Assailant of haredi newspaper editor convicted

Court convicts yeshiva student of aggravated assault from last year's attack of editor Nati Grossman.

June 24, 2013 19:02
1 minute read.
Ultra-orthodox yeshiva students [illustrative]

Haredi ultra-orthodox yeshiva students 311. (photo credit: REUTERS/Baz Ratner)

A man suspected of attacking and injuring Nati Grossman – editor-in-chief of the haredi newspaper HaPeles – was convicted of aggravated assault on Monday by the Jerusalem District Court.

The motivation for the attack was the acrimonious split in the haredi world over the rabbinic leadership of the ultra-Orthodox community and a subsequent battle over control of the leading haredi newspaper Yated Ne’eman.

Yated Ne’eman is the mouthpiece for Degel HaTorah, a non-hassidic haredi political party which – along with Agudat Yisrael – forms the United Torah Judaism Knesset faction.

Grossman was former editor- in-chief of Yated, but was ousted in a takeover by associates of Rabbi Aharon Leib Shteinman, who was acknowledged as leader of the Ashkenazi non-hassidic haredi world after the death of Rabbi Yosef Shalom Elyashiv in July 2012.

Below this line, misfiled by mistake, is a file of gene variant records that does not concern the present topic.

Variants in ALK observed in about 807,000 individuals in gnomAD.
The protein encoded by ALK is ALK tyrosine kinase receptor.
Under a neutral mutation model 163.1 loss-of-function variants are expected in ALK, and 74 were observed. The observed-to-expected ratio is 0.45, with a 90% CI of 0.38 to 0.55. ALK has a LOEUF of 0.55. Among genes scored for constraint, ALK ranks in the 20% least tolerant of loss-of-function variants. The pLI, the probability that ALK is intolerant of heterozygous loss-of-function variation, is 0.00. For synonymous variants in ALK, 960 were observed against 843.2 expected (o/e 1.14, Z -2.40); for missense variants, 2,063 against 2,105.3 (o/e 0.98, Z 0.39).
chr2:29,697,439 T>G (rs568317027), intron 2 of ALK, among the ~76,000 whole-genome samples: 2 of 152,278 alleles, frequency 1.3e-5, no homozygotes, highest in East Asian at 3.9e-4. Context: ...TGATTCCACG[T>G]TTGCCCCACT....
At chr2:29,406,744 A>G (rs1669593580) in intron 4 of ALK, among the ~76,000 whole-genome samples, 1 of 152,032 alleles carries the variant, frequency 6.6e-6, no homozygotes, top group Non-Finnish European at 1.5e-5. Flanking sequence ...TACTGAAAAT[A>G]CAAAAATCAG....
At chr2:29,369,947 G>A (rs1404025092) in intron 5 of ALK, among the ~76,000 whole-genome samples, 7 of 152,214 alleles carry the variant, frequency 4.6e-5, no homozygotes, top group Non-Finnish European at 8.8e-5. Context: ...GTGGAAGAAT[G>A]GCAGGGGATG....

Grossman, along with other Yated stalwarts with allegiance to Rabbi Shmuel Auerbach – a rival to Shteinman who heads what is known as the Jerusalem Faction – set up HaPeles to advance Auerbach’s positions.

The rift in the haredi world led to several violent incidents, and communal tensions were high.

On December 21, Haim Perelstein, a 21-year-old yeshiva student at the Ponevezh Yehisva in Bnei Brak, and another individual attacked Grossman outside his residence in Jerusalem’s Bayit Vagan neighborhood late at night. Grossman sustained cuts and bruises to his face and several broken fingers.

Perelstein, who pleaded guilty to charges of aggravated assault, is yet to be sentenced.

Grossman was editor-inchief of Yated for 25 years and was appointed by Rabbi Elazar Menachem Shach, who created the Degel HaTorah party and the Yated Ne’eman newspaper as a mouthpiece for its views.

Following the ouster of Grossman – along with Yaakov Labin, the newspaper’s managing director – the former management filed a lawsuit claiming that the manner in which the new directors took control was illegal.

The Tel Aviv District Court dismissed the suit in May of this year, however, ruling that the takeover had been conducted lawfully.

Auerbach – backed by Grossman, Labin and others loyal to the rabbi – claims that he is the rightful inheritor of the conservative spiritual and ideological path that Shach set out when he created Degel HaTorah and continued to a large extent by Elyashiv, not Shteinman.

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